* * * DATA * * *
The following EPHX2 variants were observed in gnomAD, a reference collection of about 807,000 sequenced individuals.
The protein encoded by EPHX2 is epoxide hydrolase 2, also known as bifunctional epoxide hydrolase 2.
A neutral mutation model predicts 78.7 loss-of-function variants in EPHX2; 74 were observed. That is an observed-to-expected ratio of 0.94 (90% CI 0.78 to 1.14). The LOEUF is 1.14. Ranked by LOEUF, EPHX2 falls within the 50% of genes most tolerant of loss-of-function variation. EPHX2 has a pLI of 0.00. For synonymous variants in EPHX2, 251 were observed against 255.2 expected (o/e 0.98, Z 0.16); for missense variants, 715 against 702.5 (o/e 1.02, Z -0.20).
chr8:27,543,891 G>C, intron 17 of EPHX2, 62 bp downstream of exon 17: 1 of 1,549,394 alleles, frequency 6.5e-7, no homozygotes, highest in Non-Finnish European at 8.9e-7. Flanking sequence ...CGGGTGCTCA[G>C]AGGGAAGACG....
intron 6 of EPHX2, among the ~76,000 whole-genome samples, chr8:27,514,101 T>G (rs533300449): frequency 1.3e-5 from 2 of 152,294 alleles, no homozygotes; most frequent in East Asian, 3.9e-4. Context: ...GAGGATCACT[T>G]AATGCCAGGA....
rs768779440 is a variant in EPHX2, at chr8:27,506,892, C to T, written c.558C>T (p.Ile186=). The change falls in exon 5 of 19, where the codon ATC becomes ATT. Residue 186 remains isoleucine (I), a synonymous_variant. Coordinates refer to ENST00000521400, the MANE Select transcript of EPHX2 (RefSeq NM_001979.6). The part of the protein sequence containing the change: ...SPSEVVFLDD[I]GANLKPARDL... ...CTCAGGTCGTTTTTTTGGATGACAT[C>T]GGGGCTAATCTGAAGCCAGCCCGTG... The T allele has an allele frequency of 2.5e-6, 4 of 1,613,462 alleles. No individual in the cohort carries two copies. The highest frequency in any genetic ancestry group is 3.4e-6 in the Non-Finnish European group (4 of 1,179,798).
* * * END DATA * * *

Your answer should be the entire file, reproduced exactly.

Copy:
The following EPHX2 variants were observed in gnomAD, a reference collection of about 807,000 sequenced individuals.
The protein encoded by EPHX2 is epoxide hydrolase 2, also known as bifunctional epoxide hydrolase 2.
A neutral mutation model predicts 78.7 loss-of-function variants in EPHX2; 74 were observed. That is an observed-to-expected ratio of 0.94 (90% CI 0.78 to 1.14). The LOEUF is 1.14. Ranked by LOEUF, EPHX2 falls within the 50% of genes most tolerant of loss-of-function variation. EPHX2 has a pLI of 0.00. For synonymous variants in EPHX2, 251 were observed against 255.2 expected (o/e 0.98, Z 0.16); for missense variants, 715 against 702.5 (o/e 1.02, Z -0.20).
chr8:27,543,891 G>C, intron 17 of EPHX2, 62 bp downstream of exon 17: 1 of 1,549,394 alleles, frequency 6.5e-7, no homozygotes, highest in Non-Finnish European at 8.9e-7. Flanking sequence ...CGGGTGCTCA[G>C]AGGGAAGACG....
intron 6 of EPHX2, among the ~76,000 whole-genome samples, chr8:27,514,101 T>G (rs533300449): frequency 1.3e-5 from 2 of 152,294 alleles, no homozygotes; most frequent in East Asian, 3.9e-4. Context: ...GAGGATCACT[T>G]AATGCCAGGA....
rs768779440 is a variant in EPHX2, at chr8:27,506,892, C to T, written c.558C>T (p.Ile186=). The change falls in exon 5 of 19, where the codon ATC becomes ATT. Residue 186 remains isoleucine (I), a synonymous_variant. Coordinates refer to ENST00000521400, the MANE Select transcript of EPHX2 (RefSeq NM_001979.6). The part of the protein sequence containing the change: ...SPSEVVFLDD[I]GANLKPARDL... ...CTCAGGTCGTTTTTTTGGATGACAT[C>T]GGGGCTAATCTGAAGCCAGCCCGTG... The T allele has an allele frequency of 2.5e-6, 4 of 1,613,462 alleles. No individual in the cohort carries two copies. The highest frequency in any genetic ancestry group is 3.4e-6 in the Non-Finnish European group (4 of 1,179,798).